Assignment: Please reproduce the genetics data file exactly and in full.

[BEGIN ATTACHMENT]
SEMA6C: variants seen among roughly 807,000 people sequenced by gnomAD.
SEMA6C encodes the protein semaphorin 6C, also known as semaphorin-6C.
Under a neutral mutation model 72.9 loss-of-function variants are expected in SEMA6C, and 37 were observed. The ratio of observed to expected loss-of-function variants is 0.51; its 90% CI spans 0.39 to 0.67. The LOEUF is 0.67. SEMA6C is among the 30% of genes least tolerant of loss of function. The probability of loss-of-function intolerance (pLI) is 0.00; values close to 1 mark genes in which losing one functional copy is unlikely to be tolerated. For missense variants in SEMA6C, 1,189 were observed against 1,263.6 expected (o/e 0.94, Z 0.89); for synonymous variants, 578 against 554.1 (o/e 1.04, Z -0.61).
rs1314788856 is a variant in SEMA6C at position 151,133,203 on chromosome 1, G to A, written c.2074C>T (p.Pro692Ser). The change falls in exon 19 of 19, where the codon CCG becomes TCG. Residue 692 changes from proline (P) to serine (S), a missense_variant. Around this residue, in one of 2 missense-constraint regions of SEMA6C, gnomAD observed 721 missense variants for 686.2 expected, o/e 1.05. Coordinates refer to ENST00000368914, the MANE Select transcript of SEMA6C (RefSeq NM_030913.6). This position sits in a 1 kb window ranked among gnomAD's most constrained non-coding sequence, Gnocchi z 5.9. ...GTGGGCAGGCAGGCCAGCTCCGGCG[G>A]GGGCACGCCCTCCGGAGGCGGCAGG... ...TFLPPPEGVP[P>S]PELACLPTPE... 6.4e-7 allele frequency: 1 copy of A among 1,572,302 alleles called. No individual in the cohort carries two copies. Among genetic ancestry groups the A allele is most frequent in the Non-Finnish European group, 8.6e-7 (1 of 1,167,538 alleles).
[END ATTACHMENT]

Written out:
SEMA6C: variants seen among roughly 807,000 people sequenced by gnomAD.
SEMA6C encodes the protein semaphorin 6C, also known as semaphorin-6C.
Under a neutral mutation model 72.9 loss-of-function variants are expected in SEMA6C, and 37 were observed. The ratio of observed to expected loss-of-function variants is 0.51; its 90% CI spans 0.39 to 0.67. The LOEUF is 0.67. SEMA6C is among the 30% of genes least tolerant of loss of function. The probability of loss-of-function intolerance (pLI) is 0.00; values close to 1 mark genes in which losing one functional copy is unlikely to be tolerated. For missense variants in SEMA6C, 1,189 were observed against 1,263.6 expected (o/e 0.94, Z 0.89); for synonymous variants, 578 against 554.1 (o/e 1.04, Z -0.61).
rs1314788856 is a variant in SEMA6C at position 151,133,203 on chromosome 1, G to A, written c.2074C>T (p.Pro692Ser). The change falls in exon 19 of 19, where the codon CCG becomes TCG. Residue 692 changes from proline (P) to serine (S), a missense_variant. Around this residue, in one of 2 missense-constraint regions of SEMA6C, gnomAD observed 721 missense variants for 686.2 expected, o/e 1.05. Coordinates refer to ENST00000368914, the MANE Select transcript of SEMA6C (RefSeq NM_030913.6). This position sits in a 1 kb window ranked among gnomAD's most constrained non-coding sequence, Gnocchi z 5.9. ...GTGGGCAGGCAGGCCAGCTCCGGCG[G>A]GGGCACGCCCTCCGGAGGCGGCAGG... ...TFLPPPEGVP[P>S]PELACLPTPE... 6.4e-7 allele frequency: 1 copy of A among 1,572,302 alleles called. No individual in the cohort carries two copies. Among genetic ancestry groups the A allele is most frequent in the Non-Finnish European group, 8.6e-7 (1 of 1,167,538 alleles).